Lots of bloggers and online reporters have experienced this at one time or another. We've certainly had it happen to us here at WebProNews more than a few times. You break a story, then it's all over the web, but you don't get the credit.
Or maybe it's not as dramatic as that. Maybe you cover an event that others are covering simultaneously, but later coverage uses a particular spin, image, or assessment that was unique to yours until that later piece, but no credit is given. Sure, there is the occasional coincidental instance, but often that is clearly not the case. It happens all the time on the web. We can whine about it, or we can carry on with our lives. We usually go the latter route.
Mainstream news publications have pointed the finger at "bloggers" many times in the past, claiming that they are "stealing" their content, but as Search Engine Land Editor-in-Chief Danny Sullivan illustrates in a post on his personal blog Daggle, it goes both ways. We spoke with him about how the "traditional media" engages in some of the same practices it has accused blogs of engaging in.
For all intents and purposes, Search Engine Land is a blog. While to many of us, blogs can be considered just as reputable (if not more so) than mainstream news outlets, the site is generally looked upon as a blog (Google News, for example, has it listed as such). If you ask me, the lines between blogs and other news sources are anything but black and white, but some traditional media agencies clearly look down upon blogs. Internally, maybe it's a different story.
This past Friday, Sullivan posted an article about a Utah woman suing Google after getting hit by a vehicle while following walking directions on Google Maps. According to Sullivan, nobody had written about this until he did, and his source was a tip from Gary Price of ResourceShelf). Then after his post had been live for a while, more publications began to report the news, and some as if they had broken it themselves. Some even went so far as to include Danny's own modified screenshots, or the Scribd document of the lawsuit that he had uploaded, but without linking to Danny's article or acknowledging that these materials came from this to begin with.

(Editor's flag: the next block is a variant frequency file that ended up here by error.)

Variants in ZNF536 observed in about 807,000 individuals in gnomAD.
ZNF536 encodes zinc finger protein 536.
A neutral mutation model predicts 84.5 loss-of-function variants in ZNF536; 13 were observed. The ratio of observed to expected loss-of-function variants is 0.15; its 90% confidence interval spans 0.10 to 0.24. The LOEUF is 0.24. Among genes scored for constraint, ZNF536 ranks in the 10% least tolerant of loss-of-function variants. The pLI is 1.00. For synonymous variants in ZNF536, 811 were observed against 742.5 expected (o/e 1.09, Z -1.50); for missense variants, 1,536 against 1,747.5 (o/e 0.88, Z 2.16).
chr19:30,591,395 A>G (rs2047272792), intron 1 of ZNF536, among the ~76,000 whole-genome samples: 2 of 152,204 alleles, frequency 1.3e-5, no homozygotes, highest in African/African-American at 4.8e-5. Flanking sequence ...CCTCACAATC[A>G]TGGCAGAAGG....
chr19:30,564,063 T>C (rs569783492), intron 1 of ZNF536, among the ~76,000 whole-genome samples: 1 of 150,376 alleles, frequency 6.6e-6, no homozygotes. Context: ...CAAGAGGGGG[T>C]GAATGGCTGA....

Some of these publications likely got a great deal of traffic from aggregators that picked up their stories as well. Traffic that could have sent more to Search Engine Land. It's not that it isn't fine for these publications to get picked up by the aggregators and get some traffic of their own, but if they had linked back to the original source, they could've sent some of that same traffic back where it belonged as well. For example, Drudge Report linked to a NYDailyNews.com article, which linked to AOL News, which as Sullivan points out, just links to the Scribd document.
As I said, this kind of thing happens all the time on the web, and it's pretty much unavoidable, as long as you are creating content and sharing it with people. Danny's rant about the subject, which is quite interesting, is less a whining session, and more finger pointing at "traditional" media hypocrisy.
"I'd like to see a lot less finger-pointing and much more acknowledgment that the origin of news is a messy business," says Sullivan in his post. "So why point fingers in this case? To help keep things even. I think it’s very well known how traditional sources get cited by alternative ones. But while the opposite is true, that's a story that's rarely illustrated."
We asked Danny how greatly the public's perception is skewed when it comes to where news stories originate. "I think the public has no idea where news comes from, but to the degree they think about it, they assume big outlets have reporters that hunt it all down," Sullivan tells WebProNews.
He does have experience working in traditional media. Sullivan says he worked for daily newspapers for about five years, and that he was trained to cite any fact that wasn't commonly known. "If the fact only could come from a rival publication, then my job was to try and independently source the fact, so you didn't have to mention the competition," he tells us.
Do readers generally care about the sources of information as long as they don't have reason to question accuracy? "I think readers don't care about sourcing but instead put trust in the publication itself," he says.
You have to wonder if there isn't a larger percentage of stories being lifted from blogs, Twitter, etc. by mainstream media outlets without credit than there are being lifted from traditional sources by bloggers without credit. While it is certainly not always the case, bloggers are traditionally not shy about linking.
In fact, Sullivan touches on this in the comments of his post: "Bloggers tend to cite mainstream sources more than those sources cite bloggers, that’s my gut feel. It's something I hope begins to change."
The AP has famously expressed disdain with blogs in the past (ones that quoted AP stories and gave credit), and the AP example (as one of many) that Danny displays certainly stands out, representing the other side of things.
"I think a substantial amount of news is coming off tips seen on forums, blog posts and elsewhere on the web," he tells us, when asked how often he thinks mainstream media outlets are taking stories from bloggers, Twitterers, etc. without acknowledging the sources. "Not a majority. But a noticeable amount, I'd wager."
What do you think?
I've contacted some of the publications Danny calls out in his post for comment, but have yet to receive a response. He did get a couple apologies in his comments section though.
Should traditional media be held to different standards than those publications they think bloggers should be held to? Share your thoughts.